The use of "thanks" in this article is to acknowledge and give due credit to other people who have contributed to the article and/or the product that the article is talking about. That is not noise. Rather, it is akin to putting an acknowledgment or citation in an answer.

  • 9
    I would edit an acknowledgement like "Thanks to the Laravel team for producing X feature/product" out of an answer, but I wouldn't edit out an acknowledgement like "This answer is based on Y's answer to a similar question". I think the acknowledgements in the article are more like the former than the latter.
    – Joundill
    Jul 22, 2021 at 1:22
  • 3
    Well, I don't think you should do that. A "Thanks to the Laravel team" note is a genuine acknowledgement of the people who worked on the product that the article is talking about. It is not noise, and it is not gratuitous cross-promotion.
    – Stephen C
    Jul 22, 2021 at 1:26
  • 1
    On the other hand ... if the article itself is off-topic, then it should be removed. (I am making no judgement on the specific article as a whole. Such a judgement is off-topic for >this< Q&A.)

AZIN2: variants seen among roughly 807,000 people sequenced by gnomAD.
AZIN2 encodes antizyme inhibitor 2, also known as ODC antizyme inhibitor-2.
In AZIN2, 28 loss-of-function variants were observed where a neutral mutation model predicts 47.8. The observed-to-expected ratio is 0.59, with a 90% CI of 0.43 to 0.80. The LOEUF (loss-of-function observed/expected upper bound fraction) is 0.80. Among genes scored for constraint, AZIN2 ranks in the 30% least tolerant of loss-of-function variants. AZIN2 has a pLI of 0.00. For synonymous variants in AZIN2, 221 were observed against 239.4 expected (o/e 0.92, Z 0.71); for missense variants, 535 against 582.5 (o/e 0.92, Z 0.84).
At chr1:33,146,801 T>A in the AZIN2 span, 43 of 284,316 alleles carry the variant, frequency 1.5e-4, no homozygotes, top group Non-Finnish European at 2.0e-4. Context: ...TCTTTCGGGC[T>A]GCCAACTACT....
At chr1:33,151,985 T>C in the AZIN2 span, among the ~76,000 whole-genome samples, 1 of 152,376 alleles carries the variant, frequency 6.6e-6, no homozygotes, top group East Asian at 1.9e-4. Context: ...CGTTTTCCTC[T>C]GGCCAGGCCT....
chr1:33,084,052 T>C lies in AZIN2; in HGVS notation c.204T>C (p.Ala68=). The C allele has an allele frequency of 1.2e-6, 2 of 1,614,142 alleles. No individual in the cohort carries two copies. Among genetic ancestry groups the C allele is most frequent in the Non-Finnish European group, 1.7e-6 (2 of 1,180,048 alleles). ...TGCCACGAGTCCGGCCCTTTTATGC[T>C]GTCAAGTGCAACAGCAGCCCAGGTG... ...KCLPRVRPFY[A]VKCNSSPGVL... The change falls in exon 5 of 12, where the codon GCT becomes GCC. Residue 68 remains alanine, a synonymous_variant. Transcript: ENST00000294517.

– Stephen C
    Jul 22, 2021 at 1:29
  • 2
    I'm not sure what the acknowledgement is actually acknowledging. What is "all this" exactly?
    – Trilarion
    Jul 22, 2021 at 10:57
  • @Trilarion - One could argue the merits of this specific example. But I am trying to draw out a (possible) principle for deciding between noise and appropriate use of "thanks" and the like in an Article (or Answer). I would leave the word-smithing of the acknowledgement to the people who are writing / curating that article. (Put your peanuts away :-) )
    – Stephen C
    Jul 22, 2021 at 11:23
  • 1
    @StephenCI agree and these are only the very first articles and one shouldn't put too much scrutiny on them or people will get scared away (which is not the intention), but then I also don't want Oscar speech long acknowledgements below every bit of information because it also dilutes the content. There is a balance somewhere and being specific and concentrate on the important influences is one way of achieving the balance. Just saying. It was just a comment.
    – Trilarion
    Jul 22, 2021 at 11:36
  • 2